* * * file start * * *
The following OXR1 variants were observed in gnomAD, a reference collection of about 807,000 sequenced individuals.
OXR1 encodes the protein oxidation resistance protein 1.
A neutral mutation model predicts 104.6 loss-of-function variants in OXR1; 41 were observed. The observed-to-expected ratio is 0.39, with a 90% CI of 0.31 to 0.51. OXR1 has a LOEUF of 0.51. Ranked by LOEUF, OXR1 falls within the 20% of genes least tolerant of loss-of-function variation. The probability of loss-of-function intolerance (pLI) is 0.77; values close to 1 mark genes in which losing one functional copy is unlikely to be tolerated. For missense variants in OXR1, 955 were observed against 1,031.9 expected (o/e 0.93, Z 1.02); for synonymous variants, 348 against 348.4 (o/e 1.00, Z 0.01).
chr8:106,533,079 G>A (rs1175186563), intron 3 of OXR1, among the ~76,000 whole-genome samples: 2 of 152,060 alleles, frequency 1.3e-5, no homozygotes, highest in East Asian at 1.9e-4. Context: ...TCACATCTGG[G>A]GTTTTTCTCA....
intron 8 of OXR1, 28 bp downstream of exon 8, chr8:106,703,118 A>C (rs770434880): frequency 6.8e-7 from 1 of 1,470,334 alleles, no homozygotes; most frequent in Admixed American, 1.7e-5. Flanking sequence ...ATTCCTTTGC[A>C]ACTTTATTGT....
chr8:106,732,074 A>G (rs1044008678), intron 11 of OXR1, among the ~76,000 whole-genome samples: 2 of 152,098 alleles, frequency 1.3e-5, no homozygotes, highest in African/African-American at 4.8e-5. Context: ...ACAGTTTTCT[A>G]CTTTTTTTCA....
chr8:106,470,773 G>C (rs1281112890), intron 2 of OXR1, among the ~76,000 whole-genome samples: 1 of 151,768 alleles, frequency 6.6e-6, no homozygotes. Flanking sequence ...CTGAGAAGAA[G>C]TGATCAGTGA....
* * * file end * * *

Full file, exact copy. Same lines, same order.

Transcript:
The following OXR1 variants were observed in gnomAD, a reference collection of about 807,000 sequenced individuals.
OXR1 encodes the protein oxidation resistance protein 1.
A neutral mutation model predicts 104.6 loss-of-function variants in OXR1; 41 were observed. The observed-to-expected ratio is 0.39, with a 90% CI of 0.31 to 0.51. OXR1 has a LOEUF of 0.51. Ranked by LOEUF, OXR1 falls within the 20% of genes least tolerant of loss-of-function variation. The probability of loss-of-function intolerance (pLI) is 0.77; values close to 1 mark genes in which losing one functional copy is unlikely to be tolerated. For missense variants in OXR1, 955 were observed against 1,031.9 expected (o/e 0.93, Z 1.02); for synonymous variants, 348 against 348.4 (o/e 1.00, Z 0.01).
chr8:106,533,079 G>A (rs1175186563), intron 3 of OXR1, among the ~76,000 whole-genome samples: 2 of 152,060 alleles, frequency 1.3e-5, no homozygotes, highest in East Asian at 1.9e-4. Context: ...TCACATCTGG[G>A]GTTTTTCTCA....
intron 8 of OXR1, 28 bp downstream of exon 8, chr8:106,703,118 A>C (rs770434880): frequency 6.8e-7 from 1 of 1,470,334 alleles, no homozygotes; most frequent in Admixed American, 1.7e-5. Flanking sequence ...ATTCCTTTGC[A>C]ACTTTATTGT....
chr8:106,732,074 A>G (rs1044008678), intron 11 of OXR1, among the ~76,000 whole-genome samples: 2 of 152,098 alleles, frequency 1.3e-5, no homozygotes, highest in African/African-American at 4.8e-5. Context: ...ACAGTTTTCT[A>G]CTTTTTTTCA....
chr8:106,470,773 G>C (rs1281112890), intron 2 of OXR1, among the ~76,000 whole-genome samples: 1 of 151,768 alleles, frequency 6.6e-6, no homozygotes. Flanking sequence ...CTGAGAAGAA[G>C]TGATCAGTGA....